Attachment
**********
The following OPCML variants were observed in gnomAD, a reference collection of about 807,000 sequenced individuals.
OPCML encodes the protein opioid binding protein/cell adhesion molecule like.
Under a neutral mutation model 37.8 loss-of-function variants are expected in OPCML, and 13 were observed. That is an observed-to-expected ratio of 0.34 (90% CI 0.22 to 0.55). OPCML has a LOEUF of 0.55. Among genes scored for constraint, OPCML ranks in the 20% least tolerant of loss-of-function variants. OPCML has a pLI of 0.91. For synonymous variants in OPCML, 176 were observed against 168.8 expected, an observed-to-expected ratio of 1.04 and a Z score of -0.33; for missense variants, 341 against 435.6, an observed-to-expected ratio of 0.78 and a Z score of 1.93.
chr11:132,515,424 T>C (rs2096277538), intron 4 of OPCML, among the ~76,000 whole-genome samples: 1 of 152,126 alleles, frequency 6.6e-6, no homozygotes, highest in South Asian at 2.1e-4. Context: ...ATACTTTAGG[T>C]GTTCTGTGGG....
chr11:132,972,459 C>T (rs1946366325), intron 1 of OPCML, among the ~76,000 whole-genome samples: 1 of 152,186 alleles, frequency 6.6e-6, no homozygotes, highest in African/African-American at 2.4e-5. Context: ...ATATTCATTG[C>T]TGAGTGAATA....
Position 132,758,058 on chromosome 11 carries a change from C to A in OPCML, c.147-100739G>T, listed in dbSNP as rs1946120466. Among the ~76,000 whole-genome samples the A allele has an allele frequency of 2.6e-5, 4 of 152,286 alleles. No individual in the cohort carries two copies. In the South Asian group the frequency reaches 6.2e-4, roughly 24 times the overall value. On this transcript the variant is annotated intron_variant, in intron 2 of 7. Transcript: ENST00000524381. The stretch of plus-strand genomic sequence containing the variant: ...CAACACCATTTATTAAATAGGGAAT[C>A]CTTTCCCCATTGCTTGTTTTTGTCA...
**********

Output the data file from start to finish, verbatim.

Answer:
The following OPCML variants were observed in gnomAD, a reference collection of about 807,000 sequenced individuals.
OPCML encodes the protein opioid binding protein/cell adhesion molecule like.
Under a neutral mutation model 37.8 loss-of-function variants are expected in OPCML, and 13 were observed. That is an observed-to-expected ratio of 0.34 (90% CI 0.22 to 0.55). OPCML has a LOEUF of 0.55. Among genes scored for constraint, OPCML ranks in the 20% least tolerant of loss-of-function variants. OPCML has a pLI of 0.91. For synonymous variants in OPCML, 176 were observed against 168.8 expected, an observed-to-expected ratio of 1.04 and a Z score of -0.33; for missense variants, 341 against 435.6, an observed-to-expected ratio of 0.78 and a Z score of 1.93.
chr11:132,515,424 T>C (rs2096277538), intron 4 of OPCML, among the ~76,000 whole-genome samples: 1 of 152,126 alleles, frequency 6.6e-6, no homozygotes, highest in South Asian at 2.1e-4. Context: ...ATACTTTAGG[T>C]GTTCTGTGGG....
chr11:132,972,459 C>T (rs1946366325), intron 1 of OPCML, among the ~76,000 whole-genome samples: 1 of 152,186 alleles, frequency 6.6e-6, no homozygotes, highest in African/African-American at 2.4e-5. Context: ...ATATTCATTG[C>T]TGAGTGAATA....
Position 132,758,058 on chromosome 11 carries a change from C to A in OPCML, c.147-100739G>T, listed in dbSNP as rs1946120466. Among the ~76,000 whole-genome samples the A allele has an allele frequency of 2.6e-5, 4 of 152,286 alleles. No individual in the cohort carries two copies. In the South Asian group the frequency reaches 6.2e-4, roughly 24 times the overall value. On this transcript the variant is annotated intron_variant, in intron 2 of 7. Transcript: ENST00000524381. The stretch of plus-strand genomic sequence containing the variant: ...CAACACCATTTATTAAATAGGGAAT[C>A]CTTTCCCCATTGCTTGTTTTTGTCA...